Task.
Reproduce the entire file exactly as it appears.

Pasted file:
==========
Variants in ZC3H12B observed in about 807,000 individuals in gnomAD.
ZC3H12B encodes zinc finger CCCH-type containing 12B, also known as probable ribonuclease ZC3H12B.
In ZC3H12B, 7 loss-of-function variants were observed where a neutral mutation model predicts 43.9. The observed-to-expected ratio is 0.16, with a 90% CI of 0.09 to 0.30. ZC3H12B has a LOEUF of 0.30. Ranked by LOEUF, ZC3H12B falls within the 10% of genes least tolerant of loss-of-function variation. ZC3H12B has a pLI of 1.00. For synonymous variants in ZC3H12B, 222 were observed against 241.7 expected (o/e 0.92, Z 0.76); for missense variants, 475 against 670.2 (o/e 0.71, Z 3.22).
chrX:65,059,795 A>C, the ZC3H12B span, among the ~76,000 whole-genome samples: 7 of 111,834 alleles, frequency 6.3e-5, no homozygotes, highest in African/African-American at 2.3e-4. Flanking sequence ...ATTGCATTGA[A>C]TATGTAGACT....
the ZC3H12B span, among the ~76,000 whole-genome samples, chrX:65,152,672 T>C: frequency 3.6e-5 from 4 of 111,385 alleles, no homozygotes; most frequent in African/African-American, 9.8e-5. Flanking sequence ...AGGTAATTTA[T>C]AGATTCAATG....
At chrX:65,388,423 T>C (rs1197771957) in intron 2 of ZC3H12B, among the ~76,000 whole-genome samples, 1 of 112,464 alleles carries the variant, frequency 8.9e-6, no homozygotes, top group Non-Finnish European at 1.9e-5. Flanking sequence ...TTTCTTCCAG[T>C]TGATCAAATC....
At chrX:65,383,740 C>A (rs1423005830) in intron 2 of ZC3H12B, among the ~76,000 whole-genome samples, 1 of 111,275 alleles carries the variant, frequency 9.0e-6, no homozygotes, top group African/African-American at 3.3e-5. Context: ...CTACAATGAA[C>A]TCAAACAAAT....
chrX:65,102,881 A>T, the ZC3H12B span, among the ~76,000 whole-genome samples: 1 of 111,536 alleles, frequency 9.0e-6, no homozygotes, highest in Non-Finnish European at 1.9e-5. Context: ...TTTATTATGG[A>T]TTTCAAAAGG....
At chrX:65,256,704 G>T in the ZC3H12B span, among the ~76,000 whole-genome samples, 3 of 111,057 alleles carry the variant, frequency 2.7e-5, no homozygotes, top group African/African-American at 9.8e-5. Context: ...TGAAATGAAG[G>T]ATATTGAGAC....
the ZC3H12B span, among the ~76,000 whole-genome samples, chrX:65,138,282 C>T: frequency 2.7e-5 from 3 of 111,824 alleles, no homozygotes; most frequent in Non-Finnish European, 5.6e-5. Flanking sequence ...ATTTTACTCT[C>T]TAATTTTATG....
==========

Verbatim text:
Variants in ZC3H12B observed in about 807,000 individuals in gnomAD.
ZC3H12B encodes zinc finger CCCH-type containing 12B, also known as probable ribonuclease ZC3H12B.
In ZC3H12B, 7 loss-of-function variants were observed where a neutral mutation model predicts 43.9. The observed-to-expected ratio is 0.16, with a 90% CI of 0.09 to 0.30. ZC3H12B has a LOEUF of 0.30. Ranked by LOEUF, ZC3H12B falls within the 10% of genes least tolerant of loss-of-function variation. ZC3H12B has a pLI of 1.00. For synonymous variants in ZC3H12B, 222 were observed against 241.7 expected (o/e 0.92, Z 0.76); for missense variants, 475 against 670.2 (o/e 0.71, Z 3.22).
chrX:65,059,795 A>C, the ZC3H12B span, among the ~76,000 whole-genome samples: 7 of 111,834 alleles, frequency 6.3e-5, no homozygotes, highest in African/African-American at 2.3e-4. Flanking sequence ...ATTGCATTGA[A>C]TATGTAGACT....
the ZC3H12B span, among the ~76,000 whole-genome samples, chrX:65,152,672 T>C: frequency 3.6e-5 from 4 of 111,385 alleles, no homozygotes; most frequent in African/African-American, 9.8e-5. Flanking sequence ...AGGTAATTTA[T>C]AGATTCAATG....
At chrX:65,388,423 T>C (rs1197771957) in intron 2 of ZC3H12B, among the ~76,000 whole-genome samples, 1 of 112,464 alleles carries the variant, frequency 8.9e-6, no homozygotes, top group Non-Finnish European at 1.9e-5. Flanking sequence ...TTTCTTCCAG[T>C]TGATCAAATC....
At chrX:65,383,740 C>A (rs1423005830) in intron 2 of ZC3H12B, among the ~76,000 whole-genome samples, 1 of 111,275 alleles carries the variant, frequency 9.0e-6, no homozygotes, top group African/African-American at 3.3e-5. Context: ...CTACAATGAA[C>A]TCAAACAAAT....
chrX:65,102,881 A>T, the ZC3H12B span, among the ~76,000 whole-genome samples: 1 of 111,536 alleles, frequency 9.0e-6, no homozygotes, highest in Non-Finnish European at 1.9e-5. Context: ...TTTATTATGG[A>T]TTTCAAAAGG....
At chrX:65,256,704 G>T in the ZC3H12B span, among the ~76,000 whole-genome samples, 3 of 111,057 alleles carry the variant, frequency 2.7e-5, no homozygotes, top group African/African-American at 9.8e-5. Context: ...TGAAATGAAG[G>T]ATATTGAGAC....
the ZC3H12B span, among the ~76,000 whole-genome samples, chrX:65,138,282 C>T: frequency 2.7e-5 from 3 of 111,824 alleles, no homozygotes; most frequent in Non-Finnish European, 5.6e-5. Flanking sequence ...ATTTTACTCT[C>T]TAATTTTATG....